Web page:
Kapiti police are calling for the community to take action against synthetic drugs after a drug-related death and a police raid made headlines within hours of each other.
Area commander Inspector Tracey Thompson fronted media this afternoon after reports of a search warrant executed at an address in Porirua in relation to the supply of psychoactive substances.
“Porirua Police today executed a search warrant at Cannons Creek in relation to the supply of psychoactive substances.
“Two people, a man and a woman, are currently helping police with inquiries in relation to that warrant,” Thompson said.
She said today was the first seizure of synthetic drugs in the area.
“We are still at the house at present therefore I am unable to advise what we have located at this stage.”
The warrant came after a 36-year-old man died in the Hutt Valley last night, a death that police said is possibly related to synthetic drugs.
Since November 1 this year, there have also been 17 other incidents related to synthetic drugs in the Kapiti-Mana Area, some of which people were hospitalised.
Thompson said today’s search is part of police commitment to keeping the community safe.
“Police are focused on holding to account those who manufacture and supply synthetic drugs.
“These substances are extremely harmful to our people and to our communities and we are determined to stop the supply of them.”
She confirmed police were working with regional and district public health agencies and a number of government agencies in order to address the problem.
“It is actually a community issue and we need our community to let us know what is going on and to provide the information for us,” Thompson said.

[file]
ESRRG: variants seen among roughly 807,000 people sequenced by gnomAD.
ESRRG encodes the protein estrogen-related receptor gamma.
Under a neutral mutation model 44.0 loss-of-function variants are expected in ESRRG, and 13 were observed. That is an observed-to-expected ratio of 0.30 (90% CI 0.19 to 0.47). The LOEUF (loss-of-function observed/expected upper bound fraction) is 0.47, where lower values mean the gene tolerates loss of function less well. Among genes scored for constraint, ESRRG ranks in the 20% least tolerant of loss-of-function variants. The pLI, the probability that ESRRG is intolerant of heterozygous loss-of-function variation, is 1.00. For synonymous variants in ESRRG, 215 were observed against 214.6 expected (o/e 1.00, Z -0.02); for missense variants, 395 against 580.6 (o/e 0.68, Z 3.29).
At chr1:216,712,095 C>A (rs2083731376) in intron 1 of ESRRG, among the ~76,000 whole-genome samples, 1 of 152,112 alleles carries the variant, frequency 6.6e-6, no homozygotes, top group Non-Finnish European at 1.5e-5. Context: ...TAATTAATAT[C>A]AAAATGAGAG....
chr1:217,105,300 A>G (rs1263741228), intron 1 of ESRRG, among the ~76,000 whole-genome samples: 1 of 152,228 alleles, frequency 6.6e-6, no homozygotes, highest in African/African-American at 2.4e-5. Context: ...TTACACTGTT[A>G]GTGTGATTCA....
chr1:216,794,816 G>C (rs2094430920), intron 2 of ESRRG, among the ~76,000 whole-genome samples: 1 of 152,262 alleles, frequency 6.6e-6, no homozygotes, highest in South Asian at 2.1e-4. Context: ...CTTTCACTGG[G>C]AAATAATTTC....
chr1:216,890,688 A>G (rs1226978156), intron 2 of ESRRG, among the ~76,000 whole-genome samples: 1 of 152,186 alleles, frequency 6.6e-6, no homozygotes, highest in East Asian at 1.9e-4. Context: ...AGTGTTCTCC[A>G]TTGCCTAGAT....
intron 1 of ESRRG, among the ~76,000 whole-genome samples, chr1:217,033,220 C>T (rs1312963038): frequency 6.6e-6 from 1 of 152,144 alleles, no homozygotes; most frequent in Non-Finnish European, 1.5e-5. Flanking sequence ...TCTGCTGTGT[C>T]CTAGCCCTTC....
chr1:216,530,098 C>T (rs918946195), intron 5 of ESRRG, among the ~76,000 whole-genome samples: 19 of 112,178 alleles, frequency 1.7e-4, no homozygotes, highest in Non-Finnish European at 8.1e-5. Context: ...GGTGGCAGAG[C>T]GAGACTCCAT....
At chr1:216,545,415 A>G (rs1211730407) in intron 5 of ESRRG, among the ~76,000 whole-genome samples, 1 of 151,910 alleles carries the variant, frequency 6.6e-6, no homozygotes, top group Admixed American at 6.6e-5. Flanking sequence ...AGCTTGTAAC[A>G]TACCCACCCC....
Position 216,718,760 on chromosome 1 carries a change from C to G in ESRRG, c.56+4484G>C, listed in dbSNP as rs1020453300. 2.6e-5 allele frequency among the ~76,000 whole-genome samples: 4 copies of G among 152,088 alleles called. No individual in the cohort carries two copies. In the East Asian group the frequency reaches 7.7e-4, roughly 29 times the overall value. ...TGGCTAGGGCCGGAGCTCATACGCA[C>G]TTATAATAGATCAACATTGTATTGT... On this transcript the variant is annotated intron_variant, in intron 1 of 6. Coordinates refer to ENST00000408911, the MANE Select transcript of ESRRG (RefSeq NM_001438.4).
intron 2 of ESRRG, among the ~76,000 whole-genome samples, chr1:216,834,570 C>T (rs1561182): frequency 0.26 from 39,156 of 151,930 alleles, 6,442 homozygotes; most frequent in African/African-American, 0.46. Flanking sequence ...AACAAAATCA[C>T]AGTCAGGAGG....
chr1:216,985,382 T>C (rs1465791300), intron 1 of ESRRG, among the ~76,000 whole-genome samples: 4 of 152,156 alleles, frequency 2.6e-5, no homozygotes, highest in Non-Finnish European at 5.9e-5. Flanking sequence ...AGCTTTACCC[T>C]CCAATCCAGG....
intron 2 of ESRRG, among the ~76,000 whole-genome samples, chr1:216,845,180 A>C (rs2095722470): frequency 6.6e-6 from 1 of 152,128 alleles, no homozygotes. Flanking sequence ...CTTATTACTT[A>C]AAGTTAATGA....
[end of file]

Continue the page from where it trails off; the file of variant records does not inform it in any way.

“It is unfortunate that the emergency services are called when the damage has already been done.
“We need to know from family members, neighbours and community members if they are seeing or hearing about the use of synthetic drugs in their communities and to call us straight away so we can provide the support.”
Thompson said every batch of synthetic drugs is a “bad batch”.
“The reason is because we don’t know what the make-up of each batch is and the consumer doesn’t know so they take a risk every time they decide to use synthetic drugs.
“It affects different people in different ways obviously but some of the symptoms are comatose, in a zombie-like state and not being able to stand up straight.”
She said police would continue communication with the community in relation to the issue.
“We know that it is being supplied in the community and we know people are consuming it, so we have been working relentlessly to ensure we get it out of our community. We don’t want it here.”
She said people could provide information to police directly, or via Crimestoppers anonymously on 0800 555 111.
Source: NZ Herald